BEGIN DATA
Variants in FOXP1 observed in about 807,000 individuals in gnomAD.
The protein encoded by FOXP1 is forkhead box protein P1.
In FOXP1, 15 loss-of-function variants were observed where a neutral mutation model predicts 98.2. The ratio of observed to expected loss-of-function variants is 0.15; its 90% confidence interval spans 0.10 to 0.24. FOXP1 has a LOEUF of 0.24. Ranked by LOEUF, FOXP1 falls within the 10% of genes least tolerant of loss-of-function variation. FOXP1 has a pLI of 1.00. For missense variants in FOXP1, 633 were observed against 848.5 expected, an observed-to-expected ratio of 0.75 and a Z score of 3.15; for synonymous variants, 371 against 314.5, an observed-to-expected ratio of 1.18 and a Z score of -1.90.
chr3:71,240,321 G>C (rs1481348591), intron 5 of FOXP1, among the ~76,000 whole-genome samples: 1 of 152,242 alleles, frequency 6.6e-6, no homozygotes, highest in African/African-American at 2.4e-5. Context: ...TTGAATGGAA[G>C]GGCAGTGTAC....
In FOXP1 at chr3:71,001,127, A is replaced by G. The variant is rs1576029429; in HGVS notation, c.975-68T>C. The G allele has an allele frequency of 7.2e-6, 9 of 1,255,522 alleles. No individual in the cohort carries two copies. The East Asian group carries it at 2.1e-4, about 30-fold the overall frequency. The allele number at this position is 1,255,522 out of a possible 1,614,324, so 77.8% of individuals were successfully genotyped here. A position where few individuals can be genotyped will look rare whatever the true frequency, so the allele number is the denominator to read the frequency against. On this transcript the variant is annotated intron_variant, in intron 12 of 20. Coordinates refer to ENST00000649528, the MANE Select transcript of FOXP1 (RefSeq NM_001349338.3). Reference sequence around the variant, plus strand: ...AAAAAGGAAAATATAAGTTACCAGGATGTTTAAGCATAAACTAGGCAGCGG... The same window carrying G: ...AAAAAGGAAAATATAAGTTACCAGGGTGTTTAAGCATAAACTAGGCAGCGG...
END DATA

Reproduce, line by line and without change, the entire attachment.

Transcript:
Variants in FOXP1 observed in about 807,000 individuals in gnomAD.
The protein encoded by FOXP1 is forkhead box protein P1.
In FOXP1, 15 loss-of-function variants were observed where a neutral mutation model predicts 98.2. The ratio of observed to expected loss-of-function variants is 0.15; its 90% confidence interval spans 0.10 to 0.24. FOXP1 has a LOEUF of 0.24. Ranked by LOEUF, FOXP1 falls within the 10% of genes least tolerant of loss-of-function variation. FOXP1 has a pLI of 1.00. For missense variants in FOXP1, 633 were observed against 848.5 expected, an observed-to-expected ratio of 0.75 and a Z score of 3.15; for synonymous variants, 371 against 314.5, an observed-to-expected ratio of 1.18 and a Z score of -1.90.
chr3:71,240,321 G>C (rs1481348591), intron 5 of FOXP1, among the ~76,000 whole-genome samples: 1 of 152,242 alleles, frequency 6.6e-6, no homozygotes, highest in African/African-American at 2.4e-5. Context: ...TTGAATGGAA[G>C]GGCAGTGTAC....
In FOXP1 at chr3:71,001,127, A is replaced by G. The variant is rs1576029429; in HGVS notation, c.975-68T>C. The G allele has an allele frequency of 7.2e-6, 9 of 1,255,522 alleles. No individual in the cohort carries two copies. The East Asian group carries it at 2.1e-4, about 30-fold the overall frequency. The allele number at this position is 1,255,522 out of a possible 1,614,324, so 77.8% of individuals were successfully genotyped here. A position where few individuals can be genotyped will look rare whatever the true frequency, so the allele number is the denominator to read the frequency against. On this transcript the variant is annotated intron_variant, in intron 12 of 20. Coordinates refer to ENST00000649528, the MANE Select transcript of FOXP1 (RefSeq NM_001349338.3). Reference sequence around the variant, plus strand: ...AAAAAGGAAAATATAAGTTACCAGGATGTTTAAGCATAAACTAGGCAGCGG... The same window carrying G: ...AAAAAGGAAAATATAAGTTACCAGGGTGTTTAAGCATAAACTAGGCAGCGG...